United States District Court, D. New Hampshire
J. McAuliffe United States District Judge.
to 42 U.S.C. §§ 405(g) and 1383(c)(3), claimant,
Tina Marie Ramsey, moves to reverse or vacate the
Commissioner's decision denying her applications for
Disability Insurance Benefits under Title II of the Social
Security Act and Supplemental Security Income Benefits under
Title XVI. See 42 U.S.C. §§ 423, 1381-1383c
(collectively, the “Act”). The Commissioner
objects and moves for an order affirming his decision.
reasons discussed, claimant's motion is denied, and the
Commissioner's motion is granted.
September of 2015, claimant filed applications for Disability
Insurance Benefits (“DIB”) and Supplemental
Security Income (“SSI”), alleging that she was
disabled and had been unable to work since January 3, 2015.
Claimant was 37 years old at the time and had acquired
sufficient quarters of coverage to remain insured through
December of 2019. Claimant's applications were denied and
she requested a hearing before an Administrative Law Judge
of 2017, claimant, her attorney,  and an impartial vocational
expert appeared before an ALJ, who considered claimant's
applications de novo. After obtaining additional,
post-hearing evidence, the ALJ issued her written decision,
concluding that claimant was not disabled, as that term is
defined in the Act, at any time prior to the date of her
decision. Claimant then requested review by the Appeals
Council. That request was denied. Accordingly, the ALJ's
denial of claimant's applications for benefits became the
final decision of the Commissioner, subject to judicial
claimant filed a timely action in this court, asserting that
the ALJ's decision is not supported by substantial
evidence. Claimant then filed a “Motion for Order
Reversing Decision of the Commissioner” (document no.
7). In response, the Commissioner filed a “Motion for
an Order to Affirm the Commissioner's Decision”
(document no. 9). Those motions are pending.
detailed factual background can be found in claimant's
statement of facts (document no. 7-2) and the
Commissioner's statement of facts (document no. 8). Those
facts relevant to the disposition of this matter are
discussed as appropriate.
“Substantial Evidence” and Deferential Review.
to 42 U.S.C. § 405(g), the court is empowered “to
enter, upon the pleadings and transcript of the record, a
judgment affirming, modifying, or reversing the decision of
the Commissioner of Social Security, with or without
remanding the cause for a rehearing.” Factual findings
and credibility determinations made by the Commissioner are
conclusive if supported by substantial evidence. See 42
U.S.C. §§ 405(g), 1383(c)(3). See also Irlanda
Ortiz v. Secretary of Health & Human Services, 955
F.2d 765, 769 (1st Cir. 1991). Substantial evidence is
“such relevant evidence as a reasonable mind might
accept as adequate to support a conclusion.”
Consolidated Edison Co. v. NLRB, 305 U.S. 197, 229
(1938). Importantly, then, it is something less than a
preponderance of the evidence. So, the possibility of drawing
two inconsistent conclusions from the evidence does not
prevent an administrative agency's finding from being
supported by substantial evidence. See Consolo v. Federal
Maritime Comm'n, 383 U.S. 607, 620 (1966). See also
Richardson v. Perales, 402 U.S. 389, 401 (1971).
Parties' Respective Burdens.
individual seeking SSI and/or DIB benefits is disabled under
the Act if he or she is unable “to engage in any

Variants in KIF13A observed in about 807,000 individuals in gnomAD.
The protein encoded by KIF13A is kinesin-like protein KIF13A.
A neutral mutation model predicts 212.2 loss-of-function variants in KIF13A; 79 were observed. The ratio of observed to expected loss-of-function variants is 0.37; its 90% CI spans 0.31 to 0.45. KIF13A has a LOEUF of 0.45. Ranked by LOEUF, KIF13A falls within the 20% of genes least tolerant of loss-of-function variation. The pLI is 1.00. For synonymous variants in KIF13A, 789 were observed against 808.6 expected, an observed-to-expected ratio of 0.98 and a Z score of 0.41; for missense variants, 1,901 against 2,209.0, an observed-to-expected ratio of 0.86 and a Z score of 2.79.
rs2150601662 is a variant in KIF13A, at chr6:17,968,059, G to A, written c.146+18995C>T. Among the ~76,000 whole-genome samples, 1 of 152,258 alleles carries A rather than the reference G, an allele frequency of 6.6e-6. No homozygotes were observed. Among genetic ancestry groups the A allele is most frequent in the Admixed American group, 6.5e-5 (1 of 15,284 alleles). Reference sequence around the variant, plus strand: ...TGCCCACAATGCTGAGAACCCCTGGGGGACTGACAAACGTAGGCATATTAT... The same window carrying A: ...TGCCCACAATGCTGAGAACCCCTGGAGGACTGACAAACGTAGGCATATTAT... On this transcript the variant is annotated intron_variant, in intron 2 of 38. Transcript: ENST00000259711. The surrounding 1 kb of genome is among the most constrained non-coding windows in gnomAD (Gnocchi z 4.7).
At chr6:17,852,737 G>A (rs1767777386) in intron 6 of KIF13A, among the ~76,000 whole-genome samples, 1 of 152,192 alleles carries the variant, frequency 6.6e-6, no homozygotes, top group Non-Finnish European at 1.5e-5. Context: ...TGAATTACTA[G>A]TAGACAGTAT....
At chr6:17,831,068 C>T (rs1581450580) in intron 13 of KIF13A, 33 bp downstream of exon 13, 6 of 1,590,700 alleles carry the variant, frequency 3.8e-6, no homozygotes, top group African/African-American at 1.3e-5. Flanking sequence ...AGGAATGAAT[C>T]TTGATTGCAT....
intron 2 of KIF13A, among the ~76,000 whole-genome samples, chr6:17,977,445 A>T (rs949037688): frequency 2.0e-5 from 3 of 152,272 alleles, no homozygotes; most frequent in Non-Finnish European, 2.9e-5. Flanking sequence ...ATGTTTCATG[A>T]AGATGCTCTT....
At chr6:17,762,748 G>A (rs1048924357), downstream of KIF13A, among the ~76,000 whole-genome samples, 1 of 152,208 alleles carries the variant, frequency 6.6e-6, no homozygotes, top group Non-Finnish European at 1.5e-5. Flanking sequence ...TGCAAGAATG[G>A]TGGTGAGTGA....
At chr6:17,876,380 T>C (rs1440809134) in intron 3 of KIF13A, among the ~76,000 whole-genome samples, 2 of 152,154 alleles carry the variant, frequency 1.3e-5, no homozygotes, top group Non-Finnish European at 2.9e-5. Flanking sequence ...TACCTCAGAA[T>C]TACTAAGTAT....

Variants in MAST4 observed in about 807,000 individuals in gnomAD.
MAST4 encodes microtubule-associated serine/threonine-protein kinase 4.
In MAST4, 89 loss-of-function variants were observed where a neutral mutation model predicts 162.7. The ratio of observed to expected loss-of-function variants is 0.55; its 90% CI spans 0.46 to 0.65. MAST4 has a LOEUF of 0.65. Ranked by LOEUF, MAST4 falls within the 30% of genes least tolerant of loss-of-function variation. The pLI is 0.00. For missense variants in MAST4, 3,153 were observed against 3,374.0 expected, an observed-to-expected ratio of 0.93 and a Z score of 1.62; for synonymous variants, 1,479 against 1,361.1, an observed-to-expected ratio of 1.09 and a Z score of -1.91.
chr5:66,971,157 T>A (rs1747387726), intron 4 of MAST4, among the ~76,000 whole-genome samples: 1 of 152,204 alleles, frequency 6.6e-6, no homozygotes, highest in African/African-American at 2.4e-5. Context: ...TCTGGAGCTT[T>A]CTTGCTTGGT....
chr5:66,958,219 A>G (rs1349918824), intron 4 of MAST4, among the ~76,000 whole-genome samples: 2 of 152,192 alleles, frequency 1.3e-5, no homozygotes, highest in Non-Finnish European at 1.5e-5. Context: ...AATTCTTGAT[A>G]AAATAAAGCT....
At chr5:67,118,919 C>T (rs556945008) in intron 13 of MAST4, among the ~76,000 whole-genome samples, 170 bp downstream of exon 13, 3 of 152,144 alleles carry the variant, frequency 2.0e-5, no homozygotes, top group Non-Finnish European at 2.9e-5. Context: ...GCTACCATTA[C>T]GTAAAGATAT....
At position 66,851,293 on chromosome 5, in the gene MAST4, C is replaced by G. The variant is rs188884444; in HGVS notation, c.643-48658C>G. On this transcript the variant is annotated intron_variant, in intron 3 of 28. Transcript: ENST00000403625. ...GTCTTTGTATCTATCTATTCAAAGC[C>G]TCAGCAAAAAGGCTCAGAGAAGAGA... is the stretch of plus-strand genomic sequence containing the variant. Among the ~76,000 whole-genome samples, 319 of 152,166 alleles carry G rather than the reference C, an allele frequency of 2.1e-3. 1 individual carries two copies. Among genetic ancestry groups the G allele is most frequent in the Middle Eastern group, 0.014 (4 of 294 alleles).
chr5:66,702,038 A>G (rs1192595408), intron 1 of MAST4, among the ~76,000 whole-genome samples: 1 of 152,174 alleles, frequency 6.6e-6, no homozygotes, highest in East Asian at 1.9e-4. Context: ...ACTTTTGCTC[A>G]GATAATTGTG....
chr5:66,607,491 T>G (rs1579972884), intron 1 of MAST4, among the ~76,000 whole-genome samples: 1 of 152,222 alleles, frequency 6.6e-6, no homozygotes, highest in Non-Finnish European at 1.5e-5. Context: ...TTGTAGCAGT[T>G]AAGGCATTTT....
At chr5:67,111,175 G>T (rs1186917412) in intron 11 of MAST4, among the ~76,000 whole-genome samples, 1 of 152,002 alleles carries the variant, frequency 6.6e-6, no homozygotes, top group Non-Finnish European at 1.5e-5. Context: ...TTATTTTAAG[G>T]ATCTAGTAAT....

substantial gainful activity by reason of any medically
determinable physical or mental impairment which can be
expected to result in death or which has lasted or can be
expected to last for a continuous period of not less than 12
months.” 42 U.S.C. § 423(d)(1)(A). See also 42
U.S.C. § 1382c(a)(3)(A). The Act places a heavy initial
burden on the claimant to establish the existence of a
disabling impairment. See Bowen v. Yuckert, 482 U.S.
137, 146-47 (1987); Santiago v. Secretary of Health &
Human Services, 944 F.2d 1, 5 (1st Cir. 1991). To
satisfy that burden, the claimant must prove, by a
preponderance of the evidence, that her impairment prevents
her from performing her former type of work. See
Manso-Pizarro v. Secretary of Health & Human
Services, 76 F.3d 15, 17 (1st Cir. 1996); Gray v.
Heckler, 760 F.2d 369, 371 (1st Cir. 1985). If the
claimant demonstrates an inability to perform her previous
work, the burden shifts to the Commissioner to show that
there are other jobs in the national economy that she can
perform, in light of her age, education, and prior work
experience. See Vazquez v. Secretary of Health &
Human Services, 683 F.2d 1, 2 (1st Cir. 1982). See also
20 C.F.R. §§ 404.1512, 404.1560, 416.912, and
assessing a disability claim, the Commissioner considers both
objective and subjective factors, including: (1) objective
medical facts; (2) the claimant's subjective claims of
pain and disability, as supported by the claimant's
testimony or that of other witnesses; and (3) the
claimant's educational background, age, and work
experience. See, e.g., Avery v. Secretary of Health &
Human Services, 797 F.2d 19, 23 (1st Cir. 1986);
Goodermote v. Secretary of Health & Human
Services, 690 F.2d 5, 6 (1st Cir. 1982). Ultimately, a
claimant is disabled only if her:
physical or mental impairment or impairments are of such
severity that [she] is not only unable to do [her] previous
work but cannot, considering [her] age, education, and work
experience, engage in any other kind of substantial gainful
work which exists in the national economy, regardless of
whether such work exists in the immediate area in which [she]
lives, or whether a specific job vacancy exists for [her], or
whether [she] would be hired if [she] applied for work.
42 U.S.C. § 423(d)(2)(A). See also 42 U.S.C. §
those principles in mind, the court reviews claimant's
motion to reverse and the ...